Never Buy Gas Again! How to convert your Subaru Justy into a chicken manure-fed methane powered hybrid using old washing machine parts and a garden hose.
Deep in the bowels of my closet are a stack of Mother Earth News magazines. That ever-optimistic purveyor of the self-sufficient country life had a pull on so many of us who lived in places like LA or the Bay Area in the seventies. I probably spent more on the subscriptions than we ever actually learned or saved from all their tips, but then that pretty much applies to all life-style magazines.
But the Subaru Justy holds a special place in hard core Mother Earthers: it’s the ultimate back-to the land mobile: cheap to buy, cheap to run, 4WD, tough as a mule, and infinitely adaptable to all sorts of DIY projects. I’ve just pulled an all-nighter to glean some of the more creative MEN (that acronym doesn’t sound quite right) articles, and will intersperse them with what little else I know about the Justy.
How to hook up a 1891 McCormick Deering one-horse plow to your Justy with discarded electrical conduit.
Subarus hold a special place in the whole back-to-the-land movement; they were the obvious replacements for the first wave VW Beetles and Buses and other obscure vehicles like ancient Simcas, Hillmans and Citroens one can still find rusting away behind “greenhouses”.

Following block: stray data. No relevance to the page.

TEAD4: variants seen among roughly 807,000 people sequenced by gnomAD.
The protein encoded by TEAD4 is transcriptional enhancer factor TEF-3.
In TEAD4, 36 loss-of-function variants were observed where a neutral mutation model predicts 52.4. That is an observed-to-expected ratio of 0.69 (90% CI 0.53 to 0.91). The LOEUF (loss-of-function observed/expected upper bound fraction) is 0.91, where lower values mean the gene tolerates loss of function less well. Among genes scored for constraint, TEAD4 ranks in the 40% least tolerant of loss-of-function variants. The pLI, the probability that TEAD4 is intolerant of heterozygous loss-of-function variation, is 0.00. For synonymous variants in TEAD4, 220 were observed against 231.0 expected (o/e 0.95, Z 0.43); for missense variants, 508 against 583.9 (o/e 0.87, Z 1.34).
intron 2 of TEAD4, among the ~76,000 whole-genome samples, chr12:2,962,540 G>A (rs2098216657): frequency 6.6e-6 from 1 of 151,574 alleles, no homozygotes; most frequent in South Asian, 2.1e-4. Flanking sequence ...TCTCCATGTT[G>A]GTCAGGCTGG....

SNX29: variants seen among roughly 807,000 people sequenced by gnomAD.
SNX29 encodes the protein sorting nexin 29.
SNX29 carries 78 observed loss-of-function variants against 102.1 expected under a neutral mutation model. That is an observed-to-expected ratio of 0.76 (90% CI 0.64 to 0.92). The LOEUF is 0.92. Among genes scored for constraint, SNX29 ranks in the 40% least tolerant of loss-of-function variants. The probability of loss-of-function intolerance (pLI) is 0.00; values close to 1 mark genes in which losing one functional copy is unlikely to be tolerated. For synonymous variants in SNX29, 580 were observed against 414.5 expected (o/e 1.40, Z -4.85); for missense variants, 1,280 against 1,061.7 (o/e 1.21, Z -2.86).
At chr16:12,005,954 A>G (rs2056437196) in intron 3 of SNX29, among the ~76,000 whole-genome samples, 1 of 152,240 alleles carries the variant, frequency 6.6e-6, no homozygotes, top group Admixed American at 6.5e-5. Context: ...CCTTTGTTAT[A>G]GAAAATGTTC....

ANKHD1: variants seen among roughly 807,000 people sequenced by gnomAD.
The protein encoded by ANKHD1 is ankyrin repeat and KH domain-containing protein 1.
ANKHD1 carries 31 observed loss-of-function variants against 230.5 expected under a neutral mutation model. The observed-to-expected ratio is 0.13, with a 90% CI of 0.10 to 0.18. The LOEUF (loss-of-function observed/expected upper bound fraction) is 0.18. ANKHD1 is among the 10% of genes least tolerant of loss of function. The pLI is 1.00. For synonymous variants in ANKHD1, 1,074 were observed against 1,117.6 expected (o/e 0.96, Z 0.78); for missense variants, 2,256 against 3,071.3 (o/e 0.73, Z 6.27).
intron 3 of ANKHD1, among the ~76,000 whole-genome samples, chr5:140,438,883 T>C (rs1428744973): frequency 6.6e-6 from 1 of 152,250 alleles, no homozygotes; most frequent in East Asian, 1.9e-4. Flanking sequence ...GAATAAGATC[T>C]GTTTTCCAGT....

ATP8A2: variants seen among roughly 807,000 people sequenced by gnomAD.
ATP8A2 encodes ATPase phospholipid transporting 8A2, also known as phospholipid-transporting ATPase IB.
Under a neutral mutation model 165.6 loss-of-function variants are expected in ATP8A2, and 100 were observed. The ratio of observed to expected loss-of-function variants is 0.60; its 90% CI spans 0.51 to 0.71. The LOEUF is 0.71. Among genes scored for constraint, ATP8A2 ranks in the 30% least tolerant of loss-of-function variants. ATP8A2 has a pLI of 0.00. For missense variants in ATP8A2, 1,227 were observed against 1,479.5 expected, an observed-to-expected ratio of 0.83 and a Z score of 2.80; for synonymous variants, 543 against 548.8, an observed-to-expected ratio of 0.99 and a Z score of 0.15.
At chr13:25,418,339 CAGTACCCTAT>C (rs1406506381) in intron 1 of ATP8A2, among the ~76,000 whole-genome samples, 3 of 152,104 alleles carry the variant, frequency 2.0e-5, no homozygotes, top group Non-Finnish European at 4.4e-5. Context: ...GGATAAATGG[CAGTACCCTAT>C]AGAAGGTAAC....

Runnning An Antique Belt-Driven Sawmill with a Justy and Fourteen Thrift-Store Boy Scout belts.
The first Subaru 4WD wagon of 1975 (CC here) signaled that it was time to throw away those greasy and torn John Muir’s “How to Keep Your Volkswagen Alive” manuals, and make the big transition. The Subaru was embraced as deeply as tofu and ginseng. But there was a problem:
How I Make $88 A Week Delivering Fresh Goat’s Milk To The City In My Justy.
Subarus started out as skinny little tiny things, but they kept on growing, each generation bigger and heavier than the next. That was ok for those country-lifestyle newcomers, who showed up with in a shiny new Legacy wagon and a wad of cash they made in Silicon Valley. What about the hard core, trying to eke out an existence from fifteen acres? Subaru was not going to let its MEN franchise evaporate. Enter the Justy.
Communal Tofu and Tempeh Plant Runs On A Justy-powered Surplus Aircraft Generator.
The Justy appeared in Japan back in 1984, in that one-liter class of cars just one step above the 660 cc kei cars. Like the Suzuki Cultus (Metro) and Daihatsu Charade, the Justy also sported a three-pot mill, in 1.0 and 1.2 L versions. It didn’t make its way to US until 1987, just ahead of that much bigger and plusher Legacy. US version got the 1.2 L mill, which had the distinction of being the very last car sold here with a carburetor in 1990, along with the Olds 307, that is. How’s that for two contrasting vehicles sharing the same (dubious) honor?
I Saved $649 By Rebuilding My Subaru Justy Engine With Three Briggs and Stratton 6 hp Engine Rebuild Kits.